A particularly eloquent protester with her father.
My fall garden. My cherry tomatoes are ripening as we near the mid-October mark. Rains this week delayed things, but every day I get a bowl-full like this--sweet and tart at the same time.
For the past several weeks, this is my daily haul of cherry tomatoes from my vegetable garden.
My New Guinea Impatience has suffered through a hot August. I didn't realize they don't like a lot of sun, and to fix this, I put the grill right in front of them, blocking the sunlight. It worked like a charm. They have been blooming their heads off for weeks now.
A big shout-out to my favorite diva--Christine Goerke, who is having the triumph of her career in the title role of Richard Strauss' emotionally wrenching and vocally fierce music drama, ELEKTRA. Nearing the peak of her vocal and acting skills, Christine has was it takes to become the greatest dramatic soprano of her generation. In the future are Brunnhilde (especially in Houston where she will be the centerpiece of the company's first staged Ring Cycle), the Dyer's Wife in Strauss's DIE FRAU OHNE SCHATTEN at the Met and other international opera houses, more Elektras, Leonores in FIDELIO, and many other opera house challenges. In a widely circulated syndicated review from the Associated Press, music critic, Mike Silverman was full of effusive praise:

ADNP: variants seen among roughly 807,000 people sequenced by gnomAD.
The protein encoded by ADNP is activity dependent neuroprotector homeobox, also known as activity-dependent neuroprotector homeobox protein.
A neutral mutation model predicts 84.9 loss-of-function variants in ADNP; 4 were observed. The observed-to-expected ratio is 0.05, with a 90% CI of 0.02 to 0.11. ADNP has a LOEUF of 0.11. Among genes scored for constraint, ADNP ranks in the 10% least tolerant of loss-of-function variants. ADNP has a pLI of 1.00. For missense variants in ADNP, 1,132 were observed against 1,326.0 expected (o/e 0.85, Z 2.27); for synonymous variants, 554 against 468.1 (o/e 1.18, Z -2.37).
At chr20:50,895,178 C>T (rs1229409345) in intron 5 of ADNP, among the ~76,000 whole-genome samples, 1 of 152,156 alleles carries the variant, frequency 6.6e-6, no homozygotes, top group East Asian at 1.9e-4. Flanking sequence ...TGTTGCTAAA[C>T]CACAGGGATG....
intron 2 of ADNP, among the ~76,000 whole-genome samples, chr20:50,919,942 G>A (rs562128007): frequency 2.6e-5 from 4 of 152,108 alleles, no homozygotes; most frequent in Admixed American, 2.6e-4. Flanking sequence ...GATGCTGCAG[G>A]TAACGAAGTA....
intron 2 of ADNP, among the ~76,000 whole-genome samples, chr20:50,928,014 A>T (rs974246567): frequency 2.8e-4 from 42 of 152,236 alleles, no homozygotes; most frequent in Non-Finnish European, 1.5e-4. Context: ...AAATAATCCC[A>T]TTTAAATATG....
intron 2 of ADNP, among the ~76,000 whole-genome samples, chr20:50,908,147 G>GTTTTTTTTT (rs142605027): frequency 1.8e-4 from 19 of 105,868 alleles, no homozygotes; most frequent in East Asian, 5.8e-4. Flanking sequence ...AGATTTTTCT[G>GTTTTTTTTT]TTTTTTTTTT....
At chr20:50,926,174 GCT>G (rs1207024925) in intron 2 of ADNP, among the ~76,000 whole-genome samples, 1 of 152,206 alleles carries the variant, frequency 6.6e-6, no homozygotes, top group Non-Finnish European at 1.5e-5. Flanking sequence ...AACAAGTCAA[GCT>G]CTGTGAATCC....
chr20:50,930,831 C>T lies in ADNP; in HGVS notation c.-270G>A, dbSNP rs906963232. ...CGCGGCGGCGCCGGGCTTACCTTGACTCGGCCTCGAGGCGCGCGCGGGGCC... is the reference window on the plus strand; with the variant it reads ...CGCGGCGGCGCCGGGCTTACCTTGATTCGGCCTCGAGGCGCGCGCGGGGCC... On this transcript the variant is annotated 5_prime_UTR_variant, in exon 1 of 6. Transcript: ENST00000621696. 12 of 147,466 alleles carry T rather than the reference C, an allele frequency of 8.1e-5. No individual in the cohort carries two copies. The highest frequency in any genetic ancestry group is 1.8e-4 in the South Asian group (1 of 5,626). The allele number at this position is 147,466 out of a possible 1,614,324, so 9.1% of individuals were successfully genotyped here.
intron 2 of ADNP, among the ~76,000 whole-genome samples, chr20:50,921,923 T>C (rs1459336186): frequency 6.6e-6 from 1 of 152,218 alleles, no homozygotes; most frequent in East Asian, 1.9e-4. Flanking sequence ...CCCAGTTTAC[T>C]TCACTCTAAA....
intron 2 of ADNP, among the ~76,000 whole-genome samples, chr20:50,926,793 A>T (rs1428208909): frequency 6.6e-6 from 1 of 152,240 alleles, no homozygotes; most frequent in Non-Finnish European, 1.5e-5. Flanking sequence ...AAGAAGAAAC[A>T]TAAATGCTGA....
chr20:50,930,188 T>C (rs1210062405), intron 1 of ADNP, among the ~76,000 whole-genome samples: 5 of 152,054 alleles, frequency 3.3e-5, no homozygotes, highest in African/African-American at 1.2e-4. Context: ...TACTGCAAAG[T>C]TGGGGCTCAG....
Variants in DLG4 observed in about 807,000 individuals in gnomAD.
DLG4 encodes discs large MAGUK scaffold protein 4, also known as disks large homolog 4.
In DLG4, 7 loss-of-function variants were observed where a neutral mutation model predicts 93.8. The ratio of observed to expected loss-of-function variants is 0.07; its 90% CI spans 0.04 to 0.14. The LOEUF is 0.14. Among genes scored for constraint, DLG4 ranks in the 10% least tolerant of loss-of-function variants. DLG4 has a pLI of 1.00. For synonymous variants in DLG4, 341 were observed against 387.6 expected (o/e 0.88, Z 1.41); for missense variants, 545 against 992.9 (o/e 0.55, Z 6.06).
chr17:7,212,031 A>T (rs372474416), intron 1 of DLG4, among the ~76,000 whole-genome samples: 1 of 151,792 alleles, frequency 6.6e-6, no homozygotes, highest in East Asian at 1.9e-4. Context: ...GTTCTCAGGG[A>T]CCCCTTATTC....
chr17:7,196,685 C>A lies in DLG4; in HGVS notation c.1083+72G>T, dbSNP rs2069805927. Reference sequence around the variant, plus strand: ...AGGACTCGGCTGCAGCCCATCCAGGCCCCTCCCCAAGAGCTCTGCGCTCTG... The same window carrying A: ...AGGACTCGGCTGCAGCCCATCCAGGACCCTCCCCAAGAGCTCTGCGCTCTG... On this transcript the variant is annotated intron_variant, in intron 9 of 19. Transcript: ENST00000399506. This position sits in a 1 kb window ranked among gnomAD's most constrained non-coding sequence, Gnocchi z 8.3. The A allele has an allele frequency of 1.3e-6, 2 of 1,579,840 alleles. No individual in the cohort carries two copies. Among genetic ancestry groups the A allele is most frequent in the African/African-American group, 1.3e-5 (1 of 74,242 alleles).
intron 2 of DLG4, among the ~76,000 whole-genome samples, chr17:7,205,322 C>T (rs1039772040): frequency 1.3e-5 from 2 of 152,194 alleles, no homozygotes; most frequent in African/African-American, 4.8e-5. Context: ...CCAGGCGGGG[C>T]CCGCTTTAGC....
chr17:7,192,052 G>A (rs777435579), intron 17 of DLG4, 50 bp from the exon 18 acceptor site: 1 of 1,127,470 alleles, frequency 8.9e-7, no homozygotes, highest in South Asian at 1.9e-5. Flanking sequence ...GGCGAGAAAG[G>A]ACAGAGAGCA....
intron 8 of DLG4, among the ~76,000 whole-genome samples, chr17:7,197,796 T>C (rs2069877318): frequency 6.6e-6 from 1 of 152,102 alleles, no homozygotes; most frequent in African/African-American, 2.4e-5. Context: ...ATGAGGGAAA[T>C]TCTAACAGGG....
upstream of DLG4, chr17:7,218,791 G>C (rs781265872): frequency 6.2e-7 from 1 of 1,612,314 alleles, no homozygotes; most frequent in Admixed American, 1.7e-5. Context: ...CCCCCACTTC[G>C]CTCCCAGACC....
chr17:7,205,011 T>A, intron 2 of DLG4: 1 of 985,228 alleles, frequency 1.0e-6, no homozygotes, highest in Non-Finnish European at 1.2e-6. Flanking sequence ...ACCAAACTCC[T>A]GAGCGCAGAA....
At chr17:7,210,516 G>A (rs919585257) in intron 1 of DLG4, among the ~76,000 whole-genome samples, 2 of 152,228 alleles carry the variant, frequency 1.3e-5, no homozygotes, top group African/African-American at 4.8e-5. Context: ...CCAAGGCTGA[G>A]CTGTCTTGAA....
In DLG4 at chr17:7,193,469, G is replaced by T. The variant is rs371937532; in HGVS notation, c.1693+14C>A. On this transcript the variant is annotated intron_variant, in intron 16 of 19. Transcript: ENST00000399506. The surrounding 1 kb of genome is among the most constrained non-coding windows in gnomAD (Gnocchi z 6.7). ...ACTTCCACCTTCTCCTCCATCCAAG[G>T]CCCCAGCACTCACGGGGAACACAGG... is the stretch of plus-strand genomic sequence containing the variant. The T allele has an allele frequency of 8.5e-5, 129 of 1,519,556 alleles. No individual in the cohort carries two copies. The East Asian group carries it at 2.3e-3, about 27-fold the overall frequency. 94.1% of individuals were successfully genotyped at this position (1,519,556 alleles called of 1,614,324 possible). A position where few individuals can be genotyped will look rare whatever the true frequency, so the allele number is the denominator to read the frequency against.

"The Teatro Real of Madrid is offering that opportunity right now with its production of Richard Strauss's one-act tragedy "Elektra," starring the American soprano Christine Goerke in one of the most daunting roles ever written.
Goerke, heard at her third performance of the run on Thursday night, is simply thrilling as the vengeance-obsessed daughter of the slain Agamemnon and his murderous wife, Klytemnestra.
Her supple voice combines a warm, velvety lower and middle register with a shining top that rises easily to high C. Her sound, while not huge, has no difficulty penetrating the 110-piece orchestra - an ensemble so big the theater had to remove the first two rows of seats for this production.